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Charter School Performance Versus Charter School Accountability


by Gerald W. Bracey October 04, 2005

Charter school advocates promised that charter schools would improve achievement, or, at the very least attain the same level of achievement with fewer resources because of increased efficiency. Part of the promise was that charter schools that did not improve achievement would be shut down. Whereas public schools were felt to be held accountable through compliance, charters would be held accountability through performance. After over a decade of charters, the improved achievement promise has gone largely unrealized. In fact, many evaluations have found charters underperforming matched regular public schools. Despite this lack of improved achievement, few charters have been shut down for academic reasons, 0.6 of one percent, by one estimate. Yet charters continue to grow in popularity and are actively promoted and funded by the current administration. The reasons for continued support in the face of low performance are discussed.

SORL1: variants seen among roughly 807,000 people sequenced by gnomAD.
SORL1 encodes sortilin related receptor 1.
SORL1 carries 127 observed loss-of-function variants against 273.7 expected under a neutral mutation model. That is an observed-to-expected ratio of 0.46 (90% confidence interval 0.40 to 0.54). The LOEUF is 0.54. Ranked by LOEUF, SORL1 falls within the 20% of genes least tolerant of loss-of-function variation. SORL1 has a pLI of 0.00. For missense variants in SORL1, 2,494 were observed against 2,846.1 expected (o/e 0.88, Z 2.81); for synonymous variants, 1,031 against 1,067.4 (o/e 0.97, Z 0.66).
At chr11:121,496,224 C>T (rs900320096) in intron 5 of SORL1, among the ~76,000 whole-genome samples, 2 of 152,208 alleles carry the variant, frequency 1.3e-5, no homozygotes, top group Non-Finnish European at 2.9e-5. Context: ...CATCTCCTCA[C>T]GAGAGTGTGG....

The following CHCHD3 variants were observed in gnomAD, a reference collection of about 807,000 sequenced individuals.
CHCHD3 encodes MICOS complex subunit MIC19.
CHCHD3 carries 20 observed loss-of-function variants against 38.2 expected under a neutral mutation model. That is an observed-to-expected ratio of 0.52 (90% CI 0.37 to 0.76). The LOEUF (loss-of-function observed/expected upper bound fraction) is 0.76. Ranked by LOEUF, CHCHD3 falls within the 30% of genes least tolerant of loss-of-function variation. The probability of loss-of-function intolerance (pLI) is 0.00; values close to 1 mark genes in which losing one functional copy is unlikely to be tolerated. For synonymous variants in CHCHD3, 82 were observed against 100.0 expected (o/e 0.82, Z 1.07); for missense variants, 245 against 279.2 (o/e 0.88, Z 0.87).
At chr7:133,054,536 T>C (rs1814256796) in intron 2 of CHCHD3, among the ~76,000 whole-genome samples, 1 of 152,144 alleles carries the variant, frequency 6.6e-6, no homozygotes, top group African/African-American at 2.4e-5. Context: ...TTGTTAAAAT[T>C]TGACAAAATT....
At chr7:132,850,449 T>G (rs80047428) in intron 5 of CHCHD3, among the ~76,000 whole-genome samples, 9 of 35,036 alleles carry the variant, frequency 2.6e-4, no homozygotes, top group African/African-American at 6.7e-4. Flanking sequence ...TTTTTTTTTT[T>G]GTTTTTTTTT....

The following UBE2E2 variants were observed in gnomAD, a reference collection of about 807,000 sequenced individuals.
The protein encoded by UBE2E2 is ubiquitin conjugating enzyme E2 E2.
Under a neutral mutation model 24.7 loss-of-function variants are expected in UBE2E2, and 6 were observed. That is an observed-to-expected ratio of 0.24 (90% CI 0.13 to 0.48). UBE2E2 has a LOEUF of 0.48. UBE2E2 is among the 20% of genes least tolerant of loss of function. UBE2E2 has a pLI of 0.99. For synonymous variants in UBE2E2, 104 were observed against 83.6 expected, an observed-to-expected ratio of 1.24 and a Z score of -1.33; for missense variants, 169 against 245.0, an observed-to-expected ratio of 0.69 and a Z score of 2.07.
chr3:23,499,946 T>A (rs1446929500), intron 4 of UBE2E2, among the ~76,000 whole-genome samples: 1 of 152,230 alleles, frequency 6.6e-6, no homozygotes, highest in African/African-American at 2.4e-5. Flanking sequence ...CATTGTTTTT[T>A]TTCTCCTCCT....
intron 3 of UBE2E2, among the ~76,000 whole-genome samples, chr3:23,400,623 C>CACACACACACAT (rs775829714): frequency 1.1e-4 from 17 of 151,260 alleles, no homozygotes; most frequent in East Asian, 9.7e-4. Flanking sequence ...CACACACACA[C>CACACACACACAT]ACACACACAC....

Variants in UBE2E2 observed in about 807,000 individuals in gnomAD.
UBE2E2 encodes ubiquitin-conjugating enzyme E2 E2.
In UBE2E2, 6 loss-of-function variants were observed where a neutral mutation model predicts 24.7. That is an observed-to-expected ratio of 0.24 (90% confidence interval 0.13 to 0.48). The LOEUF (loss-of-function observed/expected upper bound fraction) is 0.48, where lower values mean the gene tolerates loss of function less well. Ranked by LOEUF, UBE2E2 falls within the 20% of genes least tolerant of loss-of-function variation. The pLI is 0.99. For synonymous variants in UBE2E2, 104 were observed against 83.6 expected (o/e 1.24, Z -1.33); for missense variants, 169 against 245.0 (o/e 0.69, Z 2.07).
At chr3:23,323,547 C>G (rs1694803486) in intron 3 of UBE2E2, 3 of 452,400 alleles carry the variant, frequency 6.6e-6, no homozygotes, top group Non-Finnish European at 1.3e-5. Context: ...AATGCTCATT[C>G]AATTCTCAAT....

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Cite This Article as: Teachers College Record, Date Published: October 04, 2005
http://www.tcrecord.org ID Number: 12203, Date Accessed: 12/16/2017 9:52:46 AM

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About the Author
  • Gerald Bracey

    GERALD V. BRACEY is an independent researcher and writer in Alexandria, VA. He writes monthly columns on educational research and policy for Phi Delta Kappan and Principal Leadership. A book attempting to make non-researchers wiser consumers of statistics will be published by Heinemann in February, 2006 under the title Reading Educational Research: How to Avoid Getting Statistically Snookered.
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